I'm reading ON THE ORIGIN OF STORIES: Evolution, Cognition, and Fiction (2009) by Brian Boyd, an English professor in New Zealand. His thesis is that the human propensity for storytelling is a consequence of our evolution. He invented a new field, evocriticism, which analyses literature on the basis of its biological origins and functions. It is not, as one might question, a form of reductionism. On the contrary, it bridges and blends the "fuzzy" realm of art and literature with the "hard" realm of science. It breaks down the artificial wall between the mind and the body to make sense of the role of literature in the whole of human life. Creative story-telling trains us to anticipate many possible futures, making us good problem-solvers. "The appeal of the cognitive play in art makes art as compulsive for us as play, enticing us to to forgo mental rest for mental stimulation that helps us to learn and overlearn key cognitive skills, especially our capacity to produce and process information patterns." (p 381) Story-telling helped us survive the rigors of natural selection.
He doesn't apply his theory to the Bible, but I think his work suggests that there should be a new field of theological study: biblical evocriticism. How do the stories in the Bible train us to be problem-solvers? How do they help us to envision positive futures, and then make them present realities? How do they both reflect and shape human evolution? Boyd's findings suggest to me that the value of the Bible's stories has little to do with their factuality. "Stories, whether true or false, appeal to our interest in others, but fiction can especially appeal by inventing events with an intensity and surprise that fact rarely permits. Fictions foster cooperation by engaging and attuning our social and moral emotions and values, and creativity by enticing us to think beyond the immediate in the way our minds are most naturally disposed – in terms of social actions." (p 382-3) Because of the ways our brains have evolved, the stories of Jesus walking on water and performing amazing healings may prove more valuable to our spiritual development as fictions than as facts.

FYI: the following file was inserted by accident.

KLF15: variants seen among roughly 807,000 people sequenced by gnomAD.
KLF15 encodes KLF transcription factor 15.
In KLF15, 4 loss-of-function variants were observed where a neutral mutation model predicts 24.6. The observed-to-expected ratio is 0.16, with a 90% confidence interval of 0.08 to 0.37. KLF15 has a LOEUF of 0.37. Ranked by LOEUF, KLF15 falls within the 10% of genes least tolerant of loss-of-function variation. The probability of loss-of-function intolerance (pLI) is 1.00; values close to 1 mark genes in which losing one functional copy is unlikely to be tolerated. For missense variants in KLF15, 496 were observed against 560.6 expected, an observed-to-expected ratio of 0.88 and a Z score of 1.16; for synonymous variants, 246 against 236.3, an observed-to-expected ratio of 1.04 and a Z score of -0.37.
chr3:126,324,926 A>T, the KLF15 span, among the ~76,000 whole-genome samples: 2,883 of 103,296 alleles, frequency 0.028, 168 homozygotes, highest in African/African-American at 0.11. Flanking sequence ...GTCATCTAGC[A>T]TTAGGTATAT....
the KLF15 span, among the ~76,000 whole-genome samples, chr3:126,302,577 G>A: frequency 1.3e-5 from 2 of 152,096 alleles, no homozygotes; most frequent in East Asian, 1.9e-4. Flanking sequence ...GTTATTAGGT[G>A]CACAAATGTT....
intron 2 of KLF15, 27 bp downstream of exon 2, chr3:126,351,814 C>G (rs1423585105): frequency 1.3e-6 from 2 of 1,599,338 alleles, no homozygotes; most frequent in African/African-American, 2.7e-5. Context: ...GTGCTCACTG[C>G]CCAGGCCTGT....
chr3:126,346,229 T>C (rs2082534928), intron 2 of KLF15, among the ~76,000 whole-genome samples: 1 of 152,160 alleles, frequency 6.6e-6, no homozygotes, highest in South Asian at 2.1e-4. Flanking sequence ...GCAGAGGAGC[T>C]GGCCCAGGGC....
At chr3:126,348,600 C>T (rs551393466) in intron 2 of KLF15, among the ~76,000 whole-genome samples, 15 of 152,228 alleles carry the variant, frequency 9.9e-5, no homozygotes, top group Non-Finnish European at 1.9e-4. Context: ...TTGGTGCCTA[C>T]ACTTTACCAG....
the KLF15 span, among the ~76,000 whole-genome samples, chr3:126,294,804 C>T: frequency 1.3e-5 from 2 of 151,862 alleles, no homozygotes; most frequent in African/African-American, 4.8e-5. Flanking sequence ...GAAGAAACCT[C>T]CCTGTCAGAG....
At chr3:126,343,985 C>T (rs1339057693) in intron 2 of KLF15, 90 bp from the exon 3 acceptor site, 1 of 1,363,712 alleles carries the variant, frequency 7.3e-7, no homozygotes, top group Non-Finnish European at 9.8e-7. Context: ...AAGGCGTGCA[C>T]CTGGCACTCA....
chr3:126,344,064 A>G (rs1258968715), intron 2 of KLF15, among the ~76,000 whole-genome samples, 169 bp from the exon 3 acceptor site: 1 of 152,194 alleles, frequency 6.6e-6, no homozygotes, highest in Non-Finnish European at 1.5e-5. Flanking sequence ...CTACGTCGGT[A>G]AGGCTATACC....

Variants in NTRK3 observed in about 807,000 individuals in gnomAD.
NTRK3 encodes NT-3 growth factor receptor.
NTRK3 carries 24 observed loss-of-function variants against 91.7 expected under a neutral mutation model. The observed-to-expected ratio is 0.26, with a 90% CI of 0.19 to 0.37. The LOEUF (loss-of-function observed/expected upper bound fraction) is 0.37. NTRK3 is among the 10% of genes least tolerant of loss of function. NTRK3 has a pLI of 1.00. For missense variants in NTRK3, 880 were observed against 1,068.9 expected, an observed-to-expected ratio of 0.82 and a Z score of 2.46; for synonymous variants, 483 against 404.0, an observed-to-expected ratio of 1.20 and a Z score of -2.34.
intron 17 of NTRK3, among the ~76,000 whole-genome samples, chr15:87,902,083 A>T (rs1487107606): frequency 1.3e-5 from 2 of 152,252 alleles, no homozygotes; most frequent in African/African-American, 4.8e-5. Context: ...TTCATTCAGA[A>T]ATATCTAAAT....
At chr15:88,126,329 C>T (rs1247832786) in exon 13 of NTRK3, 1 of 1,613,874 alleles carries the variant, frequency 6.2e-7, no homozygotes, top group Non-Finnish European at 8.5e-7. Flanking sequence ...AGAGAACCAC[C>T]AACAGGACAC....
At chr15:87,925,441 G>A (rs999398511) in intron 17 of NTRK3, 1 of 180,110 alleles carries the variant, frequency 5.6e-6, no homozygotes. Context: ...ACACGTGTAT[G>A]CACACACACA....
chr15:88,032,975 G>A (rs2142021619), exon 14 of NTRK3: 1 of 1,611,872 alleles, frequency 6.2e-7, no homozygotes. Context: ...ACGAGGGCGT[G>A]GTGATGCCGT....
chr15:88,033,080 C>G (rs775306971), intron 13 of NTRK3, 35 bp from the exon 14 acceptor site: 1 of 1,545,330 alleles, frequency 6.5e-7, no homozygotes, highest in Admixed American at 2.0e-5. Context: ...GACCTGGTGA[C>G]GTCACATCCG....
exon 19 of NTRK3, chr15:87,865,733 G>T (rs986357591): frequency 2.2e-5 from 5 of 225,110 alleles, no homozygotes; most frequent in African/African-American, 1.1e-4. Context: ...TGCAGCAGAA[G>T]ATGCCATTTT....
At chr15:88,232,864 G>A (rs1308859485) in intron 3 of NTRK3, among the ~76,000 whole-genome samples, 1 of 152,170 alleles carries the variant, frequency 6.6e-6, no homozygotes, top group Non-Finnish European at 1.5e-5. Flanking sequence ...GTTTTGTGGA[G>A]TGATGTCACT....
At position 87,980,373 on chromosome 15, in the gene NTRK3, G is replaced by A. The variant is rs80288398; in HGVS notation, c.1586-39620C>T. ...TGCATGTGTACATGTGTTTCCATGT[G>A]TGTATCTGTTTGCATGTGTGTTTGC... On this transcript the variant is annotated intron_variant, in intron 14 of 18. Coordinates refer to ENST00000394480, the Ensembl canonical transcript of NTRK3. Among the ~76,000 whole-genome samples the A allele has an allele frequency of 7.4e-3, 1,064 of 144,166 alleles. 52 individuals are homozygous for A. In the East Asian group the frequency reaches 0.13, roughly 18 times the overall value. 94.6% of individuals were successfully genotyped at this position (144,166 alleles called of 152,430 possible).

Biblical evocriticism might moot the long struggle between science and religion. The fabulous, many-layered tales in the Bible are themselves the miracles - not the factually implausible events they describe. It is awesome to consider how much power is evoked in us from stories, and few are as sublime as those found in the scriptures. In his book, Boyd quotes Vladimir Nabokov, the novelist: “We are so absurdly accustomed to the miracle of a few written signs being able to contain immortal imagery, involutions of thought, new worlds with live people, speaking, weeping, laughing. We take it for granted so simply that in a sense, by the very act of brutish routine acceptance, we undo the work of the ages, the history of the gradual elaboration of poetical description and construction, from the treeman to Browning, from the caveman to Keats."
Perhaps biblical evocriticism will give us a fact-based structure to appreciate more of the value of the fictional stories that express the heart of the Christian faith. Perhaps it will help us more fully experience the real miracles of Christian music, poetry, visual arts, and literature, and bring our heads and hearts closer together in faith.